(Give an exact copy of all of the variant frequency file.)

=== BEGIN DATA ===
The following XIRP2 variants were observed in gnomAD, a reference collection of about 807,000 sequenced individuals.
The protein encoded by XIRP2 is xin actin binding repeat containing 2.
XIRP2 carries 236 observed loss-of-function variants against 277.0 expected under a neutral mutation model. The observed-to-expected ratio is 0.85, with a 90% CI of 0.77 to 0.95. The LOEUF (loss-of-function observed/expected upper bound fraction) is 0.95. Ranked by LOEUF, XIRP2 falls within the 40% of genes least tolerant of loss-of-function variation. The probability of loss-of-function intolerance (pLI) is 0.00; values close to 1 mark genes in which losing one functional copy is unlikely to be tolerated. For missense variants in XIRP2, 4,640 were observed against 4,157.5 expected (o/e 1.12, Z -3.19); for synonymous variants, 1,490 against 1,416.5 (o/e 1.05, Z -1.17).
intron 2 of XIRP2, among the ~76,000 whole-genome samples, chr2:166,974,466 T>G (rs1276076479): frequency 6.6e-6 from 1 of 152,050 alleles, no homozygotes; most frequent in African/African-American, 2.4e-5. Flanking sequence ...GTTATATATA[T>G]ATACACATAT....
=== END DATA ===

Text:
The following XIRP2 variants were observed in gnomAD, a reference collection of about 807,000 sequenced individuals.
The protein encoded by XIRP2 is xin actin binding repeat containing 2.
XIRP2 carries 236 observed loss-of-function variants against 277.0 expected under a neutral mutation model. The observed-to-expected ratio is 0.85, with a 90% CI of 0.77 to 0.95. The LOEUF (loss-of-function observed/expected upper bound fraction) is 0.95. Ranked by LOEUF, XIRP2 falls within the 40% of genes least tolerant of loss-of-function variation. The probability of loss-of-function intolerance (pLI) is 0.00; values close to 1 mark genes in which losing one functional copy is unlikely to be tolerated. For missense variants in XIRP2, 4,640 were observed against 4,157.5 expected (o/e 1.12, Z -3.19); for synonymous variants, 1,490 against 1,416.5 (o/e 1.05, Z -1.17).
intron 2 of XIRP2, among the ~76,000 whole-genome samples, chr2:166,974,466 T>G (rs1276076479): frequency 6.6e-6 from 1 of 152,050 alleles, no homozygotes; most frequent in African/African-American, 2.4e-5. Flanking sequence ...GTTATATATA[T>G]ATACACATAT....